Instructional Challenges in Higher Education Online Courses Delivered through a Learning Management System by Subject Matter Experts

Instructional Challenges in Higher Education Online Courses Delivered through a Learning Management System by Subject Matter Experts

George L. Joeckel III (Utah State University, USA), Tae Jeon (Utah State University, USA) and Joel Gardner (Utah State University, USA)
DOI: 10.4018/978-1-61520-672-8.ch016
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Abstract

The authors are Instructional Designers developing online courses in higher education. These courses are facilitated by Subject Matter Experts and delivered through a Learning Management System. They propose that instructional alignment with pedagogic beliefs is the best instructional foundation for original course designs in this instructional context, and examine three factors unique to this context. They propose new instructional design models and a new instructional system of design to address the instructional challenges specific to their learning system context.
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Taxonomy And Terms

In order to communicate more effectively about our instructional context, we have developed the term “SME-F (Subject Matter Expert-facilitated) online courses” to refer to online courses taught by the same individual responsible for providing a course's content. We will refer to this person as the “SME/F” (Subject Matter Expert/Facilitator). We propose the following taxonomy in order to situate our terms within the larger context of online courses designed by IDs (see Figure 1).

Figure 1.

Taxonomy of Online Course designed by Instructional Designers

We believe that there are critical distinctions between the instructional context for the type of course we have described and the instructional context for other types of online courses. For example, in an I-F online course the Instructor is facilitating a course with content provided by a SME, and she or he may or may not be an expert in the content. Also, the Instructor is not likely to have played a significant role in the course design process, so one would not expect to find course design choices aligned with his or her pedagogical strengths.

For the purposes of this chapter we will use the term “course design” to represent the entire process of Instructional Design as represented by the phases described in the ADDIE model: analysis, design, development, implementation and evaluation (see, for example, Dick & Carey, 1996). We will use the terms Learning Management System (LMS) and Course Management System (CMS) interchangeably. We will use the term “learning system context” as defined by Tessmer and Richey (1997): “those situational elements that affect both the acquisition and application of newly acquired knowledge, skills, or attitudes” (p. 87). We will use the term “pedagogical beliefs” to refer to “teacher's educational beliefs about teaching and learning” (Ertmer, 2005, p. 28).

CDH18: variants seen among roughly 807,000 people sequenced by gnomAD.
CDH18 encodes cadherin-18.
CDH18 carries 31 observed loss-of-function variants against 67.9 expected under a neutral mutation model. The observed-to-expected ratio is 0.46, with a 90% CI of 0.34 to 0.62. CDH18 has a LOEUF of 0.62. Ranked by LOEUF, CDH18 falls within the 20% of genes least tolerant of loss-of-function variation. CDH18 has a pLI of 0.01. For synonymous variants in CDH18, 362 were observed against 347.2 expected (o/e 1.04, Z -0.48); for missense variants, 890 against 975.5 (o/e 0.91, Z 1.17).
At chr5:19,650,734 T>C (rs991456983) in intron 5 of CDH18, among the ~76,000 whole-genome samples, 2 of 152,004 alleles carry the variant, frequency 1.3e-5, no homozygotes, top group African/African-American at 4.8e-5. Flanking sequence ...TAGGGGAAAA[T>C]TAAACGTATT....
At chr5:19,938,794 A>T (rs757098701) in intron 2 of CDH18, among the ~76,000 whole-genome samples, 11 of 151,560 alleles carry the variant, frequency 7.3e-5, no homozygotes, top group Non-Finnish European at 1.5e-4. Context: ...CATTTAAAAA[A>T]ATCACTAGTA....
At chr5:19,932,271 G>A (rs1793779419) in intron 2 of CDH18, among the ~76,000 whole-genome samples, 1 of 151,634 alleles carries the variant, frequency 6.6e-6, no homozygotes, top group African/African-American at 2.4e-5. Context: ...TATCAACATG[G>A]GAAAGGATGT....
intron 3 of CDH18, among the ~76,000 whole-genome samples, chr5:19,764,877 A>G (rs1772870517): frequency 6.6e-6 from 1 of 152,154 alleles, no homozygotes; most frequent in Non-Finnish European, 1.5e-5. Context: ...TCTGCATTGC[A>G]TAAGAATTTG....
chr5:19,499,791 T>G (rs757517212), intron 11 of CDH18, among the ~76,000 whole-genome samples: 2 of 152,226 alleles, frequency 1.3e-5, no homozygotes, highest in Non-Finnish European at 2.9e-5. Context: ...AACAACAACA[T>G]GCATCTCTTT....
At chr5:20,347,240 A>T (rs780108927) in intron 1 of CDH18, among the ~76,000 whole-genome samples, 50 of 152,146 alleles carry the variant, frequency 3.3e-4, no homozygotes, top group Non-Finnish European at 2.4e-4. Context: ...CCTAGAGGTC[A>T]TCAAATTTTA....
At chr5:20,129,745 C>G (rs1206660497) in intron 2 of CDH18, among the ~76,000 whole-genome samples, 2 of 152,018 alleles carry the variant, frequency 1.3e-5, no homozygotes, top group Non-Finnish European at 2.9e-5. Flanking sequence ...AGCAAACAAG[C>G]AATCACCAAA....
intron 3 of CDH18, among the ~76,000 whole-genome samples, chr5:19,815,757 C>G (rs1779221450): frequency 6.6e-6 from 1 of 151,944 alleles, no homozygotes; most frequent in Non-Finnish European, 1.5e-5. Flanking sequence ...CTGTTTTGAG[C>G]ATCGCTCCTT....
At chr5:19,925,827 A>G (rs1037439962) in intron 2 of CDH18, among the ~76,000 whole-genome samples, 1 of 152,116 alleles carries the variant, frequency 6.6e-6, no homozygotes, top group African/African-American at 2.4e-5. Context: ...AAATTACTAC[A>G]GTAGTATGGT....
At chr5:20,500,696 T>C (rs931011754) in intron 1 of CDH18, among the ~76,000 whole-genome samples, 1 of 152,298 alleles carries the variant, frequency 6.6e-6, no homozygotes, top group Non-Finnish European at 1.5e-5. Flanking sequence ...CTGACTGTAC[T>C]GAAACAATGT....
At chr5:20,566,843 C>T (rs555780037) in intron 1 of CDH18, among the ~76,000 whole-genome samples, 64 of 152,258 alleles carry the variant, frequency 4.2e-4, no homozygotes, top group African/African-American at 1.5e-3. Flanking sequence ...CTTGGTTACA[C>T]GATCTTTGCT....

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Three Contextual Factors

We are part of a team of IDs providing ID (Instructional Design) services at a research-based university. Designing original online courses facilitated by SMEs is a major component of our responsibilities. In the course of our practice, we have identified three factors that we believe are unique to this instructional context.

Ongoing Relationship

Each ID on our team is assigned to work with specific university departments on an ongoing basis. Our IDs and SME/Fs work together throughout the entire pre- and post-semester cycle of course design. This arrangement creates an opportunity to make course design decisions driven by the pedagogical beliefs of the individual providing the course content and facilitating the delivery of the course.

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